It’s one thing to remember a movie you’ve seen. It’s another to remember all the details of when you saw that movie.
I saw The Texas Chainsaw Massacre 2 at a midnight show; the venue was a gorgeous old theater in my college town, Columbia, MO (go Mizzou!). I plopped into my seat next to my then-boyfriend (hi Charlie, wherever you are!), scarfed down a bucket of popcorn roughly the size of my head, and waited for the show. Mind you, I’d seen plenty of gory movies at that time in my life, and had heard that the first Texas Chainsaw movie (which I hadn’t seen then) was low on blood and high on suggestion, and since I’d seen Night of the Living Dead a few weeks earlier and had only been mildly freaked out, I figured this wouldn’t be so bad.
I was wrong.
It’s been a number of years so I’m not sure at precisely which point I snatched my popcorn bucket from the floor in case I needed it as a barf receptacle. It was either when a man twitched convulsively as he was beaten in the head with a hammer, or when a person had their face skinned off and said face was put onto another person. Afterward my then-boyfriend, a nice Christian boy from The Bootheel, could only say, “Oh my Lord,” in a shaken voice.
OK, not the most pleasant night at the movies, but one I certainly didn’t forget!
Considering that it took the better part of a week to get some the images from this movie out of my head, you can forgive me for taking nearly 20 years to rewatch the film. The impetus for a rewatch was seeing cast members Caroline Williams, Bill Moseley, and Bill Johnson at the 2009 Fangoria Weekend of Horrors in L.A. and being floored at how nice they were and at what a fun time they all claimed to have had while making the film. So I decided to take the plunge and revisit Texas Chainsaw 2. And my verdict? It’s a flawed, far from perfect film that gets one thing wrong for every two things it gets right, yet puts a kind of insanity and fearlessness on screen the likes of which I’ve never seen since.
Texas Chainsaw 2 opens, as did its predecessor, with a lengthy expository crawl and voice-over. This time we’re informed that Sally, the lone survivor of the first film, told a tale of insanity and murder to the police (including the memorable phrase “hacked up for barbecue”) before lapsing into catatonia. The culprits were never caught, and despite denials from law enforcement officials, tales persisted of mysterious disappearances attributed to the chainsaw-wielding clan.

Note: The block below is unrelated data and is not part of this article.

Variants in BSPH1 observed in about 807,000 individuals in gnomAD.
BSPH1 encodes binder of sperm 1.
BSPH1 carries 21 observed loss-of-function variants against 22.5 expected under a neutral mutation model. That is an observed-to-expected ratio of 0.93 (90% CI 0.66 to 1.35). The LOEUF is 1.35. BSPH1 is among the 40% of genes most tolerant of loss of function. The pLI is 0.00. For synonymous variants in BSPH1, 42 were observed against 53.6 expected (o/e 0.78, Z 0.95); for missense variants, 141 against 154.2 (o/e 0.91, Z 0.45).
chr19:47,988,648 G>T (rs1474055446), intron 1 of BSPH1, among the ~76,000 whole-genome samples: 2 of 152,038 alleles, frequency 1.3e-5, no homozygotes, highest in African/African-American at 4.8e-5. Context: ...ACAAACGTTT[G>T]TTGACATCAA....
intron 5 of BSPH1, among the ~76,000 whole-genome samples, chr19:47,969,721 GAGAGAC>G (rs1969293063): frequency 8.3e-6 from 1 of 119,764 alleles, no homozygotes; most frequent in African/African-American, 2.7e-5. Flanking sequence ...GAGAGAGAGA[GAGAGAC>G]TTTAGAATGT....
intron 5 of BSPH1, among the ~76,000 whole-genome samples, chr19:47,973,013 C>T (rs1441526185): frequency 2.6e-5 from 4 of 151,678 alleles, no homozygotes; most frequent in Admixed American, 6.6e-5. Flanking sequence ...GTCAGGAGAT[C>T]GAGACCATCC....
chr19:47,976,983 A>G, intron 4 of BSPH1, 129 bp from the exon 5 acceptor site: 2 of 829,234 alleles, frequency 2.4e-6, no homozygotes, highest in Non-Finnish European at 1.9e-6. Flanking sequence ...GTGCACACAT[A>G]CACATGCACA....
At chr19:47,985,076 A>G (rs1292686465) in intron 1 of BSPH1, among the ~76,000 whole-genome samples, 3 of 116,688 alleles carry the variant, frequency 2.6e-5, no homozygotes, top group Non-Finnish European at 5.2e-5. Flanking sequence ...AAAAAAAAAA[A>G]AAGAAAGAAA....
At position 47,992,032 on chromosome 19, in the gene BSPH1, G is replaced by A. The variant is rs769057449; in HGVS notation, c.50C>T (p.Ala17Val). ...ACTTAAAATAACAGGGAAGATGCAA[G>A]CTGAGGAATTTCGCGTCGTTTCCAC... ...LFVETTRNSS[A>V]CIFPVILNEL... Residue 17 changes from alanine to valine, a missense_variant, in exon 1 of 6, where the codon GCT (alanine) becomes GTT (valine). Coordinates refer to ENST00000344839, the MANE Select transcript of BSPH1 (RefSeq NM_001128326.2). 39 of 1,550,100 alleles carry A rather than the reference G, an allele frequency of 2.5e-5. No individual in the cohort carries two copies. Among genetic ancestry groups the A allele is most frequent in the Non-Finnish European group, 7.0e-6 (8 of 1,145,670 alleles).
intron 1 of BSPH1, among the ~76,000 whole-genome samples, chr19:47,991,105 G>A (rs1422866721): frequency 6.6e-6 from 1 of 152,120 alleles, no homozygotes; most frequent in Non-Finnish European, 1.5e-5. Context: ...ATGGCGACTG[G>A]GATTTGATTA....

Deep in the heart of Texas, ranger Lefty Enright (get it?), who’s the uncle of catatonic Sally and her late, unlamented brother Franklin from the first film, has been searching all this time for the clan. It’s soon clear that Lefty departed South Eccentric long ago and is currently residing well within the town limits of Outer Batshitinsania, and the fact that he’s played by Dennis Hopper doesn’t give us hope he’ll be the story’s voice of reason. Lefty knows he’s close when two obnoxious yuppies die in what authorities call a car crash; Lefty sees the strange gashes in the car and on the bodies, which could only have come from a chainsaw. Proof comes from local DJ Stretch (Caroline Williams, in a fantastic and shamefully underrated performance) who was taking a call from the yuppies when they were attacked and has the attack on tape. Stretch wants to cover real news instead of chili cook-offs. Lefty wants to use Stretch as bait to bring the Sawyer clan (get it?) out of hiding. At Lefty’s request Stretch plays the recording of the chainsaw attack on her broadcast, and that night she and her long-suffering boss L. G. (the late Lou Perryman) get two unexpected and very unpleasant visitors named Chop Top (Bill Moseley) and Leatherface (Bill Johnson).